Mid March saw the World Premiere of the fantastical new piece "Whipped Cream" choreographed by the acclaimed Alexei Ratmansky with incredible set and costume designs by famed artist, Mark Ryden. We sent along our LA blogger, Dawson White, to see the show and send us back the magic.
Celebrating his first communion, a young boy eats too much whipped cream and is stricken with the tummy-ache to end all tummy-aches. He falls into a sugar-induced coma and dreams of a land built on confectionery delight complete with dancing sweets, charming royalty, and the warm reception of a disenchanted child into an enchanting fold.
No, it’s not The Nutcracker, but Whipped Cream - choreographer Alexei Ratmansky’s resurrection of Vienna State Ballet’s 1924 Schlagobers (German for whipped cream). Performed by American Ballet Theatre, Whipped Cream shares more than a few thematic similarities with the well-known and well-loved ballet—a military fight scene, an icy Act I denouement, a child’s escape into surreality—but under the guardianship of Ratmansky and visual artist Mark Ryden, Whipped Cream mixes up its own personality, proving itself every bit as accessible as the holiday favorite.
The ballet is a spectacle, satisfying the appetite for extravagant whimsy whetted by the Kingdom of the Sweets. That said, Whipped Cream’s grandeur won’t put you at ease. Ryden injects the sets and costumes with his trademark visual hyperbole, the presence of which threatens a descent into fanciful nightmare at any moment. Each honeyed tone is tempered with something vaguely dark—I won’t soon forget the curtain rising on Act II to find our hero in a stark hospital room at the mercy of an alcoholic doctor in an unmistakably Ryden mascot head.
Ryden and Ratmansky are a serendipitous pairing. Both men are known for embracing tradition and ushering it, arm around shoulder, into the wonders of the current era. I’ll admit that it was odd at first to see turned in, Balanchine-esque bevels from the tutu-clad Princess Tea-Flower, but after a while it became clear that they had little to do with being out of place and everything to do with Ratmansky’s hand in the evolution of the art form.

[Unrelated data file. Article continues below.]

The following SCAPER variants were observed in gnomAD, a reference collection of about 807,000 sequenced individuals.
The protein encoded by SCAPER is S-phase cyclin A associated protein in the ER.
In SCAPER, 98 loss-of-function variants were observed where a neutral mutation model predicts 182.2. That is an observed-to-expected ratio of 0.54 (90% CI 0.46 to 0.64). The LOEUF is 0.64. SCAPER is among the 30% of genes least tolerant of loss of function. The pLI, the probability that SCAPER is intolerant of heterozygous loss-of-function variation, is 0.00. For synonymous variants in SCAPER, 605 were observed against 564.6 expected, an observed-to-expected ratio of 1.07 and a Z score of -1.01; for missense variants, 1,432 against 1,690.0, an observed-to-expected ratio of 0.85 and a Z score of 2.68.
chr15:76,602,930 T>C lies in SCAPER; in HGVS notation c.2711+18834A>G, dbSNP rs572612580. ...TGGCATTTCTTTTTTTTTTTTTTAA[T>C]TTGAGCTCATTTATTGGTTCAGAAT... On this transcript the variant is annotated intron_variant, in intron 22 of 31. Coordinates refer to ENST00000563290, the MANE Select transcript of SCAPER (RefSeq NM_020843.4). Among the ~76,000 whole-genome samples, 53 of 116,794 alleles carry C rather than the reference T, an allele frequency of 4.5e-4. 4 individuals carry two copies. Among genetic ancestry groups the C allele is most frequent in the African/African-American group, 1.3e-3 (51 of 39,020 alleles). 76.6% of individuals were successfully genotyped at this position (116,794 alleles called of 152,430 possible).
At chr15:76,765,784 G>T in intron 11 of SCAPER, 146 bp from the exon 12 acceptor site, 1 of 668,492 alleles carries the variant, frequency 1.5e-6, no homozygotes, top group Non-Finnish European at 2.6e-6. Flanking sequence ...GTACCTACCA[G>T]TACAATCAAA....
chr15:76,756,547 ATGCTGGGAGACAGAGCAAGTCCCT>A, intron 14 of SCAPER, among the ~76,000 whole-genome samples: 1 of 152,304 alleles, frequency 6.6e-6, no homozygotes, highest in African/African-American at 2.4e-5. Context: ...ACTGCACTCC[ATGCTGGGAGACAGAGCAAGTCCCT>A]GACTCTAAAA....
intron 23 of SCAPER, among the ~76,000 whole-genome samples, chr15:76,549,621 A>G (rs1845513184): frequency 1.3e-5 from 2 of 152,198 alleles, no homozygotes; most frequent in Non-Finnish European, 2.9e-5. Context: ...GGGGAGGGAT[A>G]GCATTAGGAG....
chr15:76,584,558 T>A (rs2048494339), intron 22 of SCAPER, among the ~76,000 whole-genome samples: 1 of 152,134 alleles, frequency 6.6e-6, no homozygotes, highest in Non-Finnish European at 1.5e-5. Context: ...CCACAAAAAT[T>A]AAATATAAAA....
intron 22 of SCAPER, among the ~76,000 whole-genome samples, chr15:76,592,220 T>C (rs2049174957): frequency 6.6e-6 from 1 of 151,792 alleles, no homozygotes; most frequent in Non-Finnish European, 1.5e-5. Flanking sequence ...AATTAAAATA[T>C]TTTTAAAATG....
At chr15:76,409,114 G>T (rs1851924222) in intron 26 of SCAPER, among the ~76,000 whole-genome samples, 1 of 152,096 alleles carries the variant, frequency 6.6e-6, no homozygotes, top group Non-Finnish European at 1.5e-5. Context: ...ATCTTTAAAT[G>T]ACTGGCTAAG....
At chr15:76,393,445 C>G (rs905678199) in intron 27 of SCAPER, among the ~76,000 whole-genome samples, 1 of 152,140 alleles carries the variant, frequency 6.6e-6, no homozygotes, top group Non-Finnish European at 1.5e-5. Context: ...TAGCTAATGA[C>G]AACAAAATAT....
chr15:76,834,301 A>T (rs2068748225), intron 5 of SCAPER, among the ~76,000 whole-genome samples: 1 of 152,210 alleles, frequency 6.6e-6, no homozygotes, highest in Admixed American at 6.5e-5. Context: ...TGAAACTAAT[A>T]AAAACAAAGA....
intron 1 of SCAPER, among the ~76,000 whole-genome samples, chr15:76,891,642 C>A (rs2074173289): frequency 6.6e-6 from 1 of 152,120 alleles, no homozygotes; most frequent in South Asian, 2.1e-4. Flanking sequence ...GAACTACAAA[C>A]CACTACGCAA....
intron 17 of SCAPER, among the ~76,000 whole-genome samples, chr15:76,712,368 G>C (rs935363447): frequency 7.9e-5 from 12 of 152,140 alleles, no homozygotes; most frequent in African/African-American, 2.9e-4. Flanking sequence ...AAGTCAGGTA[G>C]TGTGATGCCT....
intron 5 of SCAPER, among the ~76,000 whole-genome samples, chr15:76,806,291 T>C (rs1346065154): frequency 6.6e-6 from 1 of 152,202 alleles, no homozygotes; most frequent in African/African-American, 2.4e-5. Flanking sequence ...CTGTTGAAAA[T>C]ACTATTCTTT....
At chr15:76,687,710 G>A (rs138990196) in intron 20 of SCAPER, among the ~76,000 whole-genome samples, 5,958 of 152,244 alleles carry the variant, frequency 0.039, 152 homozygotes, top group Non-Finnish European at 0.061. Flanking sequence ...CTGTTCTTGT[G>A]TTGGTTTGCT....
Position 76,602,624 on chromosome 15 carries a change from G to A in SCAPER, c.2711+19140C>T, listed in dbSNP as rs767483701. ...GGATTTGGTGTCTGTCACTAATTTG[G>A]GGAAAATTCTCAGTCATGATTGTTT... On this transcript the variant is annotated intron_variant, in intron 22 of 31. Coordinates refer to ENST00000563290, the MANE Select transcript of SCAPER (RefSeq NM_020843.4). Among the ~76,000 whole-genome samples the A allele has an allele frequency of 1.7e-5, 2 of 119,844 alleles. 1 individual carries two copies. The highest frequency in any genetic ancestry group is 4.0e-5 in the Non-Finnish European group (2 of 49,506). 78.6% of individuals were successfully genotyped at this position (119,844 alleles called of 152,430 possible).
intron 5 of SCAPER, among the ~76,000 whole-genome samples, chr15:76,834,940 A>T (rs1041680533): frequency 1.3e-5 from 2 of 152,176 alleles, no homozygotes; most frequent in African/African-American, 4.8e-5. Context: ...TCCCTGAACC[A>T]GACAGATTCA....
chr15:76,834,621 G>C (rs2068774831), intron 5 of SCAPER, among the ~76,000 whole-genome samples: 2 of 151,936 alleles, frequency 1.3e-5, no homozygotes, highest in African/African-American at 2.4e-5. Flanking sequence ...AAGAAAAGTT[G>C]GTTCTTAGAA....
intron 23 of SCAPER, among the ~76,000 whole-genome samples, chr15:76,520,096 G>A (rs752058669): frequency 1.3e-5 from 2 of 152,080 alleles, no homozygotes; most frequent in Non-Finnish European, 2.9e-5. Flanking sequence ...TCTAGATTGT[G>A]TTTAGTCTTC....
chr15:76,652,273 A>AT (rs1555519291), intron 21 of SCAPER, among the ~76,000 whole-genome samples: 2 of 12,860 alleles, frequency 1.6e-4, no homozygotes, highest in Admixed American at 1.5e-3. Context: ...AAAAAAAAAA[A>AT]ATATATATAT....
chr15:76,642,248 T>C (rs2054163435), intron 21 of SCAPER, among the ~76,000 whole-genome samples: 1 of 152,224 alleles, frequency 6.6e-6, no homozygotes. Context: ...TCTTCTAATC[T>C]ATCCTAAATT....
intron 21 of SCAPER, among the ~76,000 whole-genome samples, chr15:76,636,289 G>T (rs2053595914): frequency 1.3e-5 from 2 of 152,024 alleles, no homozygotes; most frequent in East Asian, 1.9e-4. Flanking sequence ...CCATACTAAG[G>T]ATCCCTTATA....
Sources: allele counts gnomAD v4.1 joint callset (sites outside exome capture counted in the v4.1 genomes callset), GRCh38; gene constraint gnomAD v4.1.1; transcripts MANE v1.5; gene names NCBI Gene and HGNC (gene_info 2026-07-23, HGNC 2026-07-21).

Whipped Cream opened on Wednesday, March 15th at Segerstrom Center for the Arts in Costa Mesa, California. I attended the Saturday matinee and was glad to see the show a few days after opening with the company settled into the work. Gillian Murphy aced the flirty spirit of Princess Tea Flower and charmed the other sweets on the shelf into courtship. Princess Tea Flower pondered her choice of suitor with lovable, fainting dramatics before choosing Prince Coffee—danced by the ever-charismatic James Whiteside—as her mate. Soloist Joseph Gorak garnished the first act with his animated and technically pristine Prince Cocoa. He seemed to hang in the air like a chandelier in Ryden’s soaring rococo bakery set.
The Boy, danced by Daniil Simkin, spent most of the first indisposed but more than made up for his absence in the second. Simkin is an entertaining actor, his restraint keeping him far from caricature and in control of the audience’s funny bone. The show mines excitement from intricacy, which Simkin maneuvers with ease, but it was nice to see him get to show off his range with a series of big, physics-busting jumps in the finale. Sarah Lane’s airy and sprite-like Princess Praline was the perfect fit for his youthful exuberance and they danced together like two parts of the same body.
The most surprising ingredient in Whipped Cream was corps member Catherine Hurlin’s. mischievous mouthful Mademoiselle Marianne Chartreuse. It was Ratmansky the way it was meant to be danced, Hurlin’s mastery of his vocabulary allowing the nuance and humor of the choreography to reach its full potential. That’s part of why I love Ratmansky’s work: his utilization of corps dancers in principal roles as well as their usual large group numbers.
Whipped Cream let the corps dance—no posing or daisy waving here—and showcased the depth of Ballet Theatre’s roster. Coming off a year of several high-profile retirements, it’s encouraging to see the future looking so bright.
Whipped Cream is short and sweet, clocking in at ninety minutes with one intermission. The music by Richard Strauss is enjoyable but unobtrusive, almost sacrificing itself for the sake of the sugary tableau. Whipped Cream is a must see for art and ballet fans alike, as much a Ryden exhibition as a Ratmansky ballet. And though it’s been nearly one hundred years since its first staging, I think it’s safe to say that Whipped Cream is a bellwether for the future of modern story ballet.
Written by Dawson White